Traffic fatalities trending downward, despite increase in 2018

Car crashes happen for all kinds of reasons and to all kinds of people. Even so, it doesn’t make them any easier to deal with if it’s you or a loved one who experiences it. You might be a responsible driver, but that doesn’t mean everyone else will behave the same way.

Motor vehicle accident statistics reveal where law enforcement may need to concentrate its efforts and where the public needs to put its attention. A recent study from the Pennsylvania Department of Transportation found that traffic fatalities increased in 2018. That may seem discouraging, but other statistics taken over the last two decades offer a bit of hope.

What the study found

Though 2018 saw an increase in traffic fatalities — from 1,137 in 2017 to 1,190 in 2018 — researchers say that there is more to the story. Records over the previous twenty years show that 2018 had the third-lowest number of traffic fatalities for that time frame. The highest number of traffic fatalities in Pennsylvania happened in 2002, when 1,618 people lost their lives. Comparing 2018 to 2002 shows a decrease in traffic deaths by 26.5%.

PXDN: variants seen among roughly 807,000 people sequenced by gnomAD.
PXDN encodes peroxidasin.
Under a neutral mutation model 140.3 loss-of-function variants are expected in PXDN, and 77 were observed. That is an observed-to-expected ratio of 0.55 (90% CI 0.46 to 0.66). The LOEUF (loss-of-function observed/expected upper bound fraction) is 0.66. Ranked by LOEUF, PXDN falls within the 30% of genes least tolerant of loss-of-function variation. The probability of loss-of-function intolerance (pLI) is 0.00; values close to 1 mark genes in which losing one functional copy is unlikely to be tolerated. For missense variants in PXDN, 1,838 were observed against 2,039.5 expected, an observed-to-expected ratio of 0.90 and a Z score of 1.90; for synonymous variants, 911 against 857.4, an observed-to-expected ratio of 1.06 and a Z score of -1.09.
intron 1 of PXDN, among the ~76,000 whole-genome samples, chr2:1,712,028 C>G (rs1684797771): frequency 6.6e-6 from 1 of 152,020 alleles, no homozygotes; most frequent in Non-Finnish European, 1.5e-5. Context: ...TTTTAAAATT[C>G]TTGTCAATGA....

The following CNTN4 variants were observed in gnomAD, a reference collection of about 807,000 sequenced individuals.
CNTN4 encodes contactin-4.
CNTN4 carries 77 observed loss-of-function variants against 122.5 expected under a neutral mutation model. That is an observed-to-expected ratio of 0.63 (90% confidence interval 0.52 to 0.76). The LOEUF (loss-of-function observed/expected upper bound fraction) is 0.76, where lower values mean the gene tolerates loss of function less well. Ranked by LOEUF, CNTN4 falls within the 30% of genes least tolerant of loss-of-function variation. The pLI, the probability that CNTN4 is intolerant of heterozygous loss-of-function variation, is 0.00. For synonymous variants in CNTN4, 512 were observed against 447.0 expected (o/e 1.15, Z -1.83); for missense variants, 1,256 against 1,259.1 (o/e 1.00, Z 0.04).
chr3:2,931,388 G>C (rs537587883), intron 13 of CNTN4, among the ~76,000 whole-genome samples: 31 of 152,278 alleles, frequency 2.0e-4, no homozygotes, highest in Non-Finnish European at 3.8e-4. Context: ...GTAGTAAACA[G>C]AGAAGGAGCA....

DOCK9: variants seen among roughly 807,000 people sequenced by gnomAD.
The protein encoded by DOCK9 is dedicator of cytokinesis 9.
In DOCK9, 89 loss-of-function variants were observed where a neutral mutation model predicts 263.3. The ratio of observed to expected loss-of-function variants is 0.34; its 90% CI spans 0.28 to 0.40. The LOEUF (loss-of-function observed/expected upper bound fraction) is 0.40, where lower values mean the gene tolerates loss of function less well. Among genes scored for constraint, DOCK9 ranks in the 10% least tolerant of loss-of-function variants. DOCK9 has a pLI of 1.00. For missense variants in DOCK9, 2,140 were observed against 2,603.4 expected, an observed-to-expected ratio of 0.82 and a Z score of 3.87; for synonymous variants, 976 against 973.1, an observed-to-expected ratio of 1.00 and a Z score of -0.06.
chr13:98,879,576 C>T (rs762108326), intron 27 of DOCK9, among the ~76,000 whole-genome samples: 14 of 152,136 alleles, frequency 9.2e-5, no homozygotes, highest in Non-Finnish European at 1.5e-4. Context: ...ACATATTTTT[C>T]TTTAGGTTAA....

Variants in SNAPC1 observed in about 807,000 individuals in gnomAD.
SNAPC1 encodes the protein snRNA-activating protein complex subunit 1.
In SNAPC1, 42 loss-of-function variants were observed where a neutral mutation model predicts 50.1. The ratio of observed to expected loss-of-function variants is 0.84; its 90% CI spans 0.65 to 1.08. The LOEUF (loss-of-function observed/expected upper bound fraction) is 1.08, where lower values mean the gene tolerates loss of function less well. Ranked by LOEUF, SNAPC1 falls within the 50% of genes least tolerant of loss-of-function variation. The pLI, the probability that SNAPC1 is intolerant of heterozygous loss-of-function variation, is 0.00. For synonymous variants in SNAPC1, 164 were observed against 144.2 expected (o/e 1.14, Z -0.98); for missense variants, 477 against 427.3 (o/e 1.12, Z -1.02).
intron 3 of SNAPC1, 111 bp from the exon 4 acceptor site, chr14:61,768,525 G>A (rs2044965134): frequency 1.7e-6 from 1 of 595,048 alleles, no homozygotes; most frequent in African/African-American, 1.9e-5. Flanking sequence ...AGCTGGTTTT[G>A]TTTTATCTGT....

Two counties in Pennsylvania, Lehigh County and Northampton County, actually saw a drop in traffic fatalities in 2018 compared with the previous year. Representatives for PennDOT point out that while they are encouraged by these results, ideally, no one should die in a traffic accident, and that is what they want to accomplish.

Some categories increased

When researchers examined the 20 years of traffic death statistics, though they see a downward trend, they concede that some types of traffic fatalities increased during that time. One of those categories is deaths as a result of distracted driving, which rose by more than double. Another is motorcycle deaths that include a driver from the age of 65 to 74, which rose by half.

Comparing only 2018 to 2017, three kinds of crashes increased. First, impaired driving went from 335 deaths to 355. Next were pedestrian crashes, rising from 150 to 201. Lastly, crashes that include a driver aged 65 to 74 went up from 124 to 188.

How do we do better?

Fortunately, officials will use this data to come up with ways to further reduce traffic fatalities. The vast majority of car accidents are caused by driver behavior and PennDOT says they will continue to fund behavioral safety programs and education initiatives. They also intend to improve existing infrastructure that will decrease traffic fatalities.

Even with all of these efforts, motor vehicle accidents will still occur, unfortunately. If you or someone you care about has been harmed by a negligent driver, there are ways to hold responsible parties accountable.